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5. James Lovelock (1919-), Biologist
Best known for his Gaia theory, which says the Earth's biosphere works as a single living organism, able to manipulate the climate and chemistry of the atmosphere and the oceans to keep them fit for life. The idea was hugely influential among fellow scientists and environmentalists, and religious and spiritual thinkers. An ex-Nasa scientist, his work on the Viking Mars missions sparked an interest in the way planets function.
4. David Attenborough (1926-), TV naturalist
The voice of wildlife, conservation and all things that wriggle, fly and roam across planet Earth, Sir David is still going strong. His programs have brought the natural world into the living rooms of millions over 50 years and his contribution to public awareness of natural science brought him a fellowship of the Royal Society.
3. Jonathon Porritt (1950-), Government adviser
An early activist with the Green party in the 1970s (then the Ecology party) and later party chairman. Tony Blair made him head of the Sustainable Development Commission in 2001, but he remains a critic of government policy on nuclear power and in 2005 urged the prime minister to "bang heads" across departments to combat greenhouse gas emissions. He irked some activists with his book Capitalism As If The World Matters, in which he argued that environmentalists must embrace a "evolved, intelligent and elegant" form of capitalism.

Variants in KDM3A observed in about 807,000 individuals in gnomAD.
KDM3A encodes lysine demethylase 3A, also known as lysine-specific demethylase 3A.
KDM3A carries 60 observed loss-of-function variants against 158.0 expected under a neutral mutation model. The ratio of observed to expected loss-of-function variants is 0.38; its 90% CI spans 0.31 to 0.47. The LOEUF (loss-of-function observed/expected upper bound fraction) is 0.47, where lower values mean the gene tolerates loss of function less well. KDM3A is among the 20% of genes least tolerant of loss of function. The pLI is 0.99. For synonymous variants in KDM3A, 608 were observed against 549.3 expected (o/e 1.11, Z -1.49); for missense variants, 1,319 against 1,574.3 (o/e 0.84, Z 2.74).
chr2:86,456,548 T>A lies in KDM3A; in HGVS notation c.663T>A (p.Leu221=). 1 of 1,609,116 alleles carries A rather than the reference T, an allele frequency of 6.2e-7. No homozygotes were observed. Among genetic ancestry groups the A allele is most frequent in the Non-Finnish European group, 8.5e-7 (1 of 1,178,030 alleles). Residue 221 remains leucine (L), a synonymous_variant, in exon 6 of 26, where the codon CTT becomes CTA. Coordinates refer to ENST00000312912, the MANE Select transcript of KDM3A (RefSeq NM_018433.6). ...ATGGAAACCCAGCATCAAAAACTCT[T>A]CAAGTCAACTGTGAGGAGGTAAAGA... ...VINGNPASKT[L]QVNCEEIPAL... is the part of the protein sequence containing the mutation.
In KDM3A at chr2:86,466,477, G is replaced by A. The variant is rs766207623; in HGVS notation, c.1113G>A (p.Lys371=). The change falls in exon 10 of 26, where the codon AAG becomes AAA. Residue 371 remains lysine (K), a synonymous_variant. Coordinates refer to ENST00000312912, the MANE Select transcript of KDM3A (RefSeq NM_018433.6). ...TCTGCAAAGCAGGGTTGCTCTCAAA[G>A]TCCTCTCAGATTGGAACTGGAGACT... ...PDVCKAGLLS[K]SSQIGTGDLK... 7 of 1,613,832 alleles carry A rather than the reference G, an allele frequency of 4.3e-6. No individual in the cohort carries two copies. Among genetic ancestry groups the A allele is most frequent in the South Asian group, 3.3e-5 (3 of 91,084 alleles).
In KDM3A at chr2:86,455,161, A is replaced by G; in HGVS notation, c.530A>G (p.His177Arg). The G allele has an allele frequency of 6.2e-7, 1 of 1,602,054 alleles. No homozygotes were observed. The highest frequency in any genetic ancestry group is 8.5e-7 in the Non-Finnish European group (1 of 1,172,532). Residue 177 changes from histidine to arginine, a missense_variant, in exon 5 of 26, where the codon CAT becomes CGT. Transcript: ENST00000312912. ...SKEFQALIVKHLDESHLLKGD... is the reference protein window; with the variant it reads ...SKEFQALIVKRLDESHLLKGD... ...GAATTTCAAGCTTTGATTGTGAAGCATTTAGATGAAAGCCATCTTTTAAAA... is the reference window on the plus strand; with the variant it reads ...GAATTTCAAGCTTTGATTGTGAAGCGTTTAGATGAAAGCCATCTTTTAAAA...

2. EF Schumacher (1911-1977), Green economist
Schumacher's 1973 book “Small is Beautiful” rewrote the rules by questioning whether the objectives of western economics were desirable. He was feted by alternative circles in the 1960s for unorthodox thinking, and his opposition to nuclear power and the use of chemicals in agriculture. He was an early critic of economic growth as a measure of national progress and helped to found the Soil Association.
1. Rachel Carson (1907-1964), Author of “Silent Spring”
Disturbed by the widespread use of synthetic chemical pesticides after the second world war, she went on to write a passionate and revelatory account of the damage done by the unrestrained use of pesticides. She is seen by many as the patron saint of the green movement. The book is credited with launching the concept of the environment as a system that sustains us and that we must learn to live within, rather than a mine, dump or playground.
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